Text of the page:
VPs of innovation should have expiration dates. When the company returns to a culture where innovation is natural, or at least comprehensible, the need for a VP of innovation has been satisfied and they should quit and end the role. If innovation doesn’t become a natural part of the environment by the expiration date, then that VP can’t say she’s succeeded, as her role in a progressive company, wouldn’t ever be necessary.

[The kind of a culture a leader who wants creativity must create is explored in Chapter 7 of The Myths of Innovation]

[Side story: Before leaving Microsoft in ’03 I gave a talk titled How not to be stupid: a guide to critical thinking. The title was intended to make people laugh, as humor is a large part of thinking well. Afterwards the director of the Microsoft Company Values Team, a team I did not know existed, contacted me. I was mystified that a team existed with the job of promoting the company’s values to the company. It made as much sense as the suburbs telling the city how to be urban. He suggested I change the title to something less negative and more positive, like “How to be Smart”. This literal, but entirely boring, approach defeated the central premise of what I was trying to say. And his attempt to tell me what the values were had the opposite effect: I considered doing the talk again with a more provocative title. The company I’d known welcomed the free expression of challenging ideas. Perhaps this was just writing on the wall as I left the company months later.]

24 Responses to “The mistakes of having a VP of innovation”

  1. Mike

    Back during the bubble, I worked at one of the ubiquitous dot-coms. At one of our pep rallies/all hands meetings, the CEO made the claim that innovation was one of our “core competencies”. This was before the crash, and was the first reality check that I can consciously recall.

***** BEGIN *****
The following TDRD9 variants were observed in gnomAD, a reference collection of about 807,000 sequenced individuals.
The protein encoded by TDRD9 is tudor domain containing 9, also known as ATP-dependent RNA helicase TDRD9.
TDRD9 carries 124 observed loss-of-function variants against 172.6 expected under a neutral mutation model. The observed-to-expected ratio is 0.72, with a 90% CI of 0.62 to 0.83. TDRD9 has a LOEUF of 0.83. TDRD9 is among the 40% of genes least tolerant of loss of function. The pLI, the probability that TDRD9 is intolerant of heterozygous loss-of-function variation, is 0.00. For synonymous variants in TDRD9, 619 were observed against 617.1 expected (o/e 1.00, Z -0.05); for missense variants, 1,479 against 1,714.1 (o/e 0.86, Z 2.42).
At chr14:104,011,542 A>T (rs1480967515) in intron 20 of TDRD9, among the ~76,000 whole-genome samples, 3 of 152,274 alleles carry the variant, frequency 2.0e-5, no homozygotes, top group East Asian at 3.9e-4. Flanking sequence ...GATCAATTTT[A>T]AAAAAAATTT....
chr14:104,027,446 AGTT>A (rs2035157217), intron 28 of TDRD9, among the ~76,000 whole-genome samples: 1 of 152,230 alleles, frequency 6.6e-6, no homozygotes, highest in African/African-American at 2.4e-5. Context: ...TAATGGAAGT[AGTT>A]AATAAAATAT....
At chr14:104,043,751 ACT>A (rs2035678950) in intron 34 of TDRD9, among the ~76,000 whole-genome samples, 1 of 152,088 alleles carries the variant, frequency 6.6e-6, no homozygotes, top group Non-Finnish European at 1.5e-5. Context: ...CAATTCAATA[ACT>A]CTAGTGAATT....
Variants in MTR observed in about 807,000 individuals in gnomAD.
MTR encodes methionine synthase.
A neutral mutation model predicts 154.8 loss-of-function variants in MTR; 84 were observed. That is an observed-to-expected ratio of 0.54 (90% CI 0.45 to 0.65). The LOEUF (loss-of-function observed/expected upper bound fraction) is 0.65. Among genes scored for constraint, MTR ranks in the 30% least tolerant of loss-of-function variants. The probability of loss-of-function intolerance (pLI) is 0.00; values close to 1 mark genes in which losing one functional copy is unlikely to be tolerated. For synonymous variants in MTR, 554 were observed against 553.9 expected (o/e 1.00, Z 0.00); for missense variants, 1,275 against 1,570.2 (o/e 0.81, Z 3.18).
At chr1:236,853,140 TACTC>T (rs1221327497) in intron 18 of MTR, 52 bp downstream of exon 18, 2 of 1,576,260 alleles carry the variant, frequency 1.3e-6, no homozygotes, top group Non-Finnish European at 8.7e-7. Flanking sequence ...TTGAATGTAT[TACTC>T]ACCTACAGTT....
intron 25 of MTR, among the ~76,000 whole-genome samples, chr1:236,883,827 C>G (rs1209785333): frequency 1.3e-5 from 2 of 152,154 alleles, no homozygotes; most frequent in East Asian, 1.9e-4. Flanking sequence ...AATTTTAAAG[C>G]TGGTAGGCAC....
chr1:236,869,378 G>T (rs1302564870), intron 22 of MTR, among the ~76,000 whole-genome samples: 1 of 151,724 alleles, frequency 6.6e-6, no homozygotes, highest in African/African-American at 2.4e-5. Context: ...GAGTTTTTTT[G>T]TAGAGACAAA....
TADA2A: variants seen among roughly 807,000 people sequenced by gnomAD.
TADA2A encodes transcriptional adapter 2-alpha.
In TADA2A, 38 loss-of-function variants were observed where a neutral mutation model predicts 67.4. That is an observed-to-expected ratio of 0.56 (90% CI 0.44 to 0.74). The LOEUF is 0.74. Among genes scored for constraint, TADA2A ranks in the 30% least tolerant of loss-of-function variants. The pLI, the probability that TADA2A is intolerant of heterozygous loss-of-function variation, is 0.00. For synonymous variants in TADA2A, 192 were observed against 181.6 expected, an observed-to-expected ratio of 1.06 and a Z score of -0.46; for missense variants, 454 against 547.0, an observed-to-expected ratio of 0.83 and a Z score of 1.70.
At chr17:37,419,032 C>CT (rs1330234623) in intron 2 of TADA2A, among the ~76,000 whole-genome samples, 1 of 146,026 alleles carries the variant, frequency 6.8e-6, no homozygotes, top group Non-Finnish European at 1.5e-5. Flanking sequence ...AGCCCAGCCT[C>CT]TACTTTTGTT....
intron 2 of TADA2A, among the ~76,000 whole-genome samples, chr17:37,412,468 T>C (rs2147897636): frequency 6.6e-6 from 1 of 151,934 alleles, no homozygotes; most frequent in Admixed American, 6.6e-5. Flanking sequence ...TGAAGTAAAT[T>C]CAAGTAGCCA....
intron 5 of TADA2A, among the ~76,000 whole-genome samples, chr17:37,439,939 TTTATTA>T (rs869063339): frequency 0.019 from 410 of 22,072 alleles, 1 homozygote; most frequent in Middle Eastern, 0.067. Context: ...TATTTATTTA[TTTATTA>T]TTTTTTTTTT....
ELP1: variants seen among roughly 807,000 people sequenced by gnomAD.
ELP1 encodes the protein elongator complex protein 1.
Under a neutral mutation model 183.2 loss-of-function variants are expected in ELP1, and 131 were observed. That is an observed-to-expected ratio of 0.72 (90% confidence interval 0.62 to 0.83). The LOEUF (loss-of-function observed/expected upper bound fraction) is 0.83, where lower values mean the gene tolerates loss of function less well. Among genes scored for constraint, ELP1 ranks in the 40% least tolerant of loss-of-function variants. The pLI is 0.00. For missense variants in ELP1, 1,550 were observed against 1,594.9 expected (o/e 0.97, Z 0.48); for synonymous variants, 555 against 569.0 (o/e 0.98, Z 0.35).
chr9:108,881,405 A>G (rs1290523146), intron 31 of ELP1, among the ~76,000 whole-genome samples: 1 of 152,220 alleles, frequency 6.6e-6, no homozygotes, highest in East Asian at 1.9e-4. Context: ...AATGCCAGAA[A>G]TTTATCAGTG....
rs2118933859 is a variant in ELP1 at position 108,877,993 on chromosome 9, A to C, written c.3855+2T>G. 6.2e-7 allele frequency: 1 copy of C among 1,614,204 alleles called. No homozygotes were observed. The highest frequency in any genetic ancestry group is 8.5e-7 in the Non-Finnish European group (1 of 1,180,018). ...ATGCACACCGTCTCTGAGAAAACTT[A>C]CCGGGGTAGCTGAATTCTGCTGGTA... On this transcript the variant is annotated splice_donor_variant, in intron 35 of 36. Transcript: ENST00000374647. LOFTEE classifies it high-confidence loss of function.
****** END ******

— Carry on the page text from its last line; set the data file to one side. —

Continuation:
2. Chris Harbert

    Generally senior staff members set structure, strategy, culture, and goals. I could see a VP of Innovation being valuable for reminding other senior staff members how their actions will affect the innovation capacity of the organization with respect to the organization’s structure, strategy, culture, and goals.

    For example, the senior staff may be thinking about a re-org that would create a vertical organizational structure. The VP of Innovation could “remind” them that horizontal teams tend to be more innovative.

    Ensuring that the organization’s culture is conducive to innovation would also be a very important task for the role. Perhaps encouraging the values police to back off would be a good use for this type of exec?

    There’s also the shareholder benefit. Creating a VP role for something tells shareholders that your company values it (even if the VP doesn’t really do anything). Look at Yahoo’s latest re-org. They’re probably trying to send a clear message to their shareholders that their company’s values have shifted.

  3. Scott (admin)

    Mike: It’s so hard to separate the word innovation from just plain old work. What does it even mean for innovation to be a core competency? And besides, every list of core competencies I’ve seen from various corporations not only seems much like others, but are so vague and broad that many activities can be folded inside them.

    But you suggest it was a wake-up call – so I have to accept that however innovation was used, it had a positive effect on you.

  4. Scott (admin)


    You wrote “There’s also the shareholder benefit. Creating a VP role for something tells shareholders that your company values it (even if the VP doesn’t really do anything). Look at Yahoo’s latest re-org. They’re probably trying to send a clear message to their shareholders that their company’s values have shifted.”

    I think this definitely gives shareholders the perception of benefit – what’s easier than taking a top complain from shareholders and creating a highly visible role for it? But that’s far from having any effect on how new ideas are developed inside the company.